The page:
4

I wish to thicken my trunks on a few ficus hawaii, ficus benjamina, maples and juniper trees in a shorter space of time. What species of bonsai and to what effect will vertical cuts thicken the trunk? Does wiring the trunk tight create a thicker trunk? Is it best to grow it in the ground instead?

What techniques can be used to thicken trunks without compromising the health of the tree?

3

First, vertical cuts do not make the trunk thicken; they just produce vertical scars. Sometimes the lip of the scar protrudes slightly and self proclaimed 'gurus' claim the bole is thicker. People have also advocated punching the trunk with knife tips, but 'going Psycho' on it is just a way to make your tree vulnerable to a serious fungal infection. It has also been advocated that one literally hammer their trunks - the problem is that it is almost impossible to avoid killing the cambium in some places (so, at best, it produces mixed results).

A trunk/branch thickens more rapidly the more foliage it carries. It also thickens faster if the extension growth is allowed to run. Decapitating a branch will slow the rate of its thickening, but with many species the increased leaf area that comes as a result of ramification can more than compensate for the setback. This process, though, produces a stem with negligible taper. Therefore, one eventually must prune off most of it and start the process anew with another ‘sacrifice’ in order to make a tapered trunk.

With conifers great care must be taken to keep small lower branches alive – once they are gone, they are gone (ala Yogi Berra) because there is little chance of regenerating them. So the sacrifice is usually bent so that it will not shade those low branches. Likewise, foliage on the lower portions of the ‘sacrifice’ is also usually removed.

It is easier to control the growth in containers, but trunk thicknesses are practically limited 2 to maybe 3 inches. Thicker trunks need to be ‘field grown’ in mother earth. However, progress will be even slower for the first two or three years in the ground as the tree gets ‘established’. Once established, the sacrifice whip’s wagging in the wind will cause the base to thicken or flare. A negative, though is that the roots become a few heavy/thick ones with the fine ‘feeder roots’ far away from the trunk. It then is a challenge to subsequently generate fine fibrous roots close to the trunk and a nice nebari. This is avoided by container growing; in fact, growing in oversized containers of a bonsai substrate is just about the only means of developing the roots necessary for bonsai containers.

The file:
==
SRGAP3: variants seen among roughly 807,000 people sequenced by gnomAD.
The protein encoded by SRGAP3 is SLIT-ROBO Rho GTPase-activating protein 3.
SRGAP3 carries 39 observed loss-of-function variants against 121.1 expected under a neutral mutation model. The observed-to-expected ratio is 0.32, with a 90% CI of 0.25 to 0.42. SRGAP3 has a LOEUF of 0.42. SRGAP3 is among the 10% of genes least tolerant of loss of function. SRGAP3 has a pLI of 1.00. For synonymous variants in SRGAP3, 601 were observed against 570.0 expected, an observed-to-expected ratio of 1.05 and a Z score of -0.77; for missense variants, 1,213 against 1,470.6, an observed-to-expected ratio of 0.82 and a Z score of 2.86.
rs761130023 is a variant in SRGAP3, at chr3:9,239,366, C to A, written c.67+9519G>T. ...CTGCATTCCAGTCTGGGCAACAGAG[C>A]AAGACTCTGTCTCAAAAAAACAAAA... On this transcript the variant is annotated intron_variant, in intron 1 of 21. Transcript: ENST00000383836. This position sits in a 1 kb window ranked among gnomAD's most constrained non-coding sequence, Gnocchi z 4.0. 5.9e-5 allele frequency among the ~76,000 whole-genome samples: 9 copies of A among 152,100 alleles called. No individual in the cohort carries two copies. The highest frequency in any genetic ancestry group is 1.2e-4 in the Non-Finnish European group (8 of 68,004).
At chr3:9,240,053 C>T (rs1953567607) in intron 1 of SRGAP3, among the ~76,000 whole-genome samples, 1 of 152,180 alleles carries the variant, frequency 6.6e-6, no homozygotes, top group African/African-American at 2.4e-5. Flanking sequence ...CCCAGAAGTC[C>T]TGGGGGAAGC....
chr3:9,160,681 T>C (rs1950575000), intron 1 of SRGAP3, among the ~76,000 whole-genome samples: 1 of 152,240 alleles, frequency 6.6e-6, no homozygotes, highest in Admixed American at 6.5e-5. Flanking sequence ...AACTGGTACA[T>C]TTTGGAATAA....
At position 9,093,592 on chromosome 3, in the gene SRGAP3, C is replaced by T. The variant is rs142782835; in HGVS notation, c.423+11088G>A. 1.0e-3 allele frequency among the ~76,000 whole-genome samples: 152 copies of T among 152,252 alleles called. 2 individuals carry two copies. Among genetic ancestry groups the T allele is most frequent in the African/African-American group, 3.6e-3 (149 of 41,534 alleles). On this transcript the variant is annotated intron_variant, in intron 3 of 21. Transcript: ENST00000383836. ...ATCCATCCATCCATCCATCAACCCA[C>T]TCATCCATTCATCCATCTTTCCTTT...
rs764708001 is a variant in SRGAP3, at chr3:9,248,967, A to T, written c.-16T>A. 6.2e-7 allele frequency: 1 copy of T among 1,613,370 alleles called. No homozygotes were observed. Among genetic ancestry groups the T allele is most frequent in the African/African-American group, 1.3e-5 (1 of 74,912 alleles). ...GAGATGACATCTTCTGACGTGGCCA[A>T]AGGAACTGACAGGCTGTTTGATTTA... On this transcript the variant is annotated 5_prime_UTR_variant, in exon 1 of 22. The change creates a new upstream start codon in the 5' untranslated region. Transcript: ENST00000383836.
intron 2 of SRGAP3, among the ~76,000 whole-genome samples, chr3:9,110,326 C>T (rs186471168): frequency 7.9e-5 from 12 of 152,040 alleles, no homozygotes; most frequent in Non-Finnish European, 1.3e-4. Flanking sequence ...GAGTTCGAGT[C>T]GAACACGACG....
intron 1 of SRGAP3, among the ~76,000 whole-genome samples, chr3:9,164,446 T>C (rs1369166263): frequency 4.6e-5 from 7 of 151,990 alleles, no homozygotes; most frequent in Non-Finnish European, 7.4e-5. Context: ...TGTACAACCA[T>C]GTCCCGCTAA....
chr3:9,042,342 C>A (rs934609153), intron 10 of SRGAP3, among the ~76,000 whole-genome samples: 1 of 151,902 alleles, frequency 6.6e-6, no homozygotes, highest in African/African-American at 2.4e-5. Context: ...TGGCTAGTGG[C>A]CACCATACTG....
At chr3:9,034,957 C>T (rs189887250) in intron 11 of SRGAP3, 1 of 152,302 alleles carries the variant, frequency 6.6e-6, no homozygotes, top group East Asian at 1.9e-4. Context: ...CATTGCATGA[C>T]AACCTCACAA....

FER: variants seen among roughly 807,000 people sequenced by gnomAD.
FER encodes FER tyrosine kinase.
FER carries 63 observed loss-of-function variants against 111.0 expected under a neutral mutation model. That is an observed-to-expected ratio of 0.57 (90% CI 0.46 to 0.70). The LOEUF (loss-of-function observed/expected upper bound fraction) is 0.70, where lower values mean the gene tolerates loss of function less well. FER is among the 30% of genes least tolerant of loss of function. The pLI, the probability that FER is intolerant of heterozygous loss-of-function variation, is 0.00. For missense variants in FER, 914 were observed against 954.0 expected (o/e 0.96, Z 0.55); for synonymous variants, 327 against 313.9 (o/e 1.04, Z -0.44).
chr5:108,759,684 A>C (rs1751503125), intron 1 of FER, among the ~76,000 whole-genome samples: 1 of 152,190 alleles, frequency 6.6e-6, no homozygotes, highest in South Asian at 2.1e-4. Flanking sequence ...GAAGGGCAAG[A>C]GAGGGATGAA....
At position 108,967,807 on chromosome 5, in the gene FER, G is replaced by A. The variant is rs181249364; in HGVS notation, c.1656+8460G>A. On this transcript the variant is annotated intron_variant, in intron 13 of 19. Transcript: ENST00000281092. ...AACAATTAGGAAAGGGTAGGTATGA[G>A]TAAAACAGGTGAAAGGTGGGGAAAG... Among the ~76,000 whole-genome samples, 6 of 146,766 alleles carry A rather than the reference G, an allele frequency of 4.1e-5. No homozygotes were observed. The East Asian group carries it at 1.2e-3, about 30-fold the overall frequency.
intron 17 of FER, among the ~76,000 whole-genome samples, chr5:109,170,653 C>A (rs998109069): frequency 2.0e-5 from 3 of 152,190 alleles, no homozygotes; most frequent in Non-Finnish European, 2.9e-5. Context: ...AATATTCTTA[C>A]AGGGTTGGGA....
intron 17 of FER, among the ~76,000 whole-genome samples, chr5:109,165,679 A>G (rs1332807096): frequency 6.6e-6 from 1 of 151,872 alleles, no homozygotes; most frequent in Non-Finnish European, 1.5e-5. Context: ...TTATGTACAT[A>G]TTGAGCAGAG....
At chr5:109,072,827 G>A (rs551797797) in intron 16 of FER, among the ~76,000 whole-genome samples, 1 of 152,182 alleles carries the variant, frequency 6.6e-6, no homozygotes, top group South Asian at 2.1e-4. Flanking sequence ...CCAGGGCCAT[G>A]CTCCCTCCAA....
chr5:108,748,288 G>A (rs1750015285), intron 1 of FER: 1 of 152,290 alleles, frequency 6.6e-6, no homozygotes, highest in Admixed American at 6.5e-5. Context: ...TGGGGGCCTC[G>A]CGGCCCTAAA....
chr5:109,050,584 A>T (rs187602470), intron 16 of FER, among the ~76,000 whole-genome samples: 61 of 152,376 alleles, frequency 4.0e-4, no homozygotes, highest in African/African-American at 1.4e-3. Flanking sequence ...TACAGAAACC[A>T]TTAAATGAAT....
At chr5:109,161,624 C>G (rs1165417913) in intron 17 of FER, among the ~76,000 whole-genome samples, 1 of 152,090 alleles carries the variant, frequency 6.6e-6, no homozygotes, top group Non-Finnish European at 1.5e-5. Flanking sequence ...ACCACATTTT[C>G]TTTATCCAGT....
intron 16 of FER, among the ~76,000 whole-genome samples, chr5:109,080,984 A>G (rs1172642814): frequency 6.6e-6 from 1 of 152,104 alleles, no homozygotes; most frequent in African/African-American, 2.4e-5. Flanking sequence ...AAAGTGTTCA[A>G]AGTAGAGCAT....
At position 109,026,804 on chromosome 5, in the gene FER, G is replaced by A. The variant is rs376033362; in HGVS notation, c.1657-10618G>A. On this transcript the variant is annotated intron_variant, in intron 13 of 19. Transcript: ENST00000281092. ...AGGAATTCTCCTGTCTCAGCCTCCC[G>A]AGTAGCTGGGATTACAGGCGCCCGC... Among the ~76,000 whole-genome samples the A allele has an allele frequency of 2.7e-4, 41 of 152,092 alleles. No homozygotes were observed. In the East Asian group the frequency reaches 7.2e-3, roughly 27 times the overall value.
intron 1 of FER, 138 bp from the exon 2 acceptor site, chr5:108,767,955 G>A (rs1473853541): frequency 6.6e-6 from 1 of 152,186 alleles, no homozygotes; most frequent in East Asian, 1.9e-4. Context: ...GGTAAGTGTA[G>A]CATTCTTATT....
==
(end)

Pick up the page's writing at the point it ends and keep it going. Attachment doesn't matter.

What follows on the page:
Applying a wire tourniquet to a trunk will eventually barricade the flow of sugars from photosynthesis and polar auxin transport (PAT) which results in a region of enhanced radial growth just above the tourniquet (i.e., a ‘flare’). If this is covered with a damp material such as sphagnum moss, vermiculite, pearlite, or a bonsai substrate, roots will eventually be produced (this is a trick to make an air-layer explant that has a nicely flared base).

Wire spiral wrapped around the trunk will have a similar effect as the wire ‘bites in’ over the course of a season or two. The wire can be left in place and eventually the growth will cover the wire though the traces remain visible for a number of years. An irregular/artistic wrapping pattern is needed to obscure this, but with junipers spiraling shari is much admired – this is a way to achieve it while hastening the thickening of the trunk.

With deciduous trees, one doesn’t need to worry about low branches as they can/will be regenerated with heavy pruning if not by spring budding. Hence, a branchless deciduous species seedling can be threaded though the hole in a CD, a hole drilled in a tile, a drain hole of an old ceramic pot bottom, or etc. and grown. As the tree thickens, will automatically generate a nice basal flare and ground layer itself (note: the ‘tourniquet’ is under the substrate surface). Analogously, one can start with an air layer and screw it to a tile/board – this will develop basal flare and eventually a ‘pancake’ nebari.

The last point about thickening is heavy applications of fertilizer will help. Lots of nitrogen, though, tends to produce long internodes, which we want to avoid in our bonsai (because branches and ‘back budding’ generally can only occur at nodes). So one wants to start with a seedling/sapling/trunk that has short internodes, particularly the last internode to be retained; after that one doesn’t care because it will be cut off. Then one wants the next segment to be suitably short – it will help to restrict nitrogen while it is being grown, then again switch to high nitrogen after it is set to thicken. Basically this nutritional manipulation is only possible in containers.

3

Growing in the ground for a couple of seasons will almost certainly thicken up the trunk (if it is a species that will tolerate your winter months).

Other techniques involve sacrifice branches - where you allow branches at key points to grow without pruning for a season or two, which will thicken the trunk as it requires more energy.

I have heard of using tight wiring and allowing it to dig in to the point that the tree grows around and over the wire. This will always produce some pretty ugly scars which depending on the look you are going for / species your growing may or may not be a good thing. Bear in mind though that this will almost certainly reduce the vigor of your tree for a good few years and may kill off a weaker specimen.

Personally, I would opt for field growing (planting in the ground) and digging out up when the trunk is at the required thickness.

Your Answer

By clicking “Post Your Answer”, you agree to our terms of service, privacy policy and cookie policy

Not the answer you're looking for? Browse other questions tagged or ask your own question.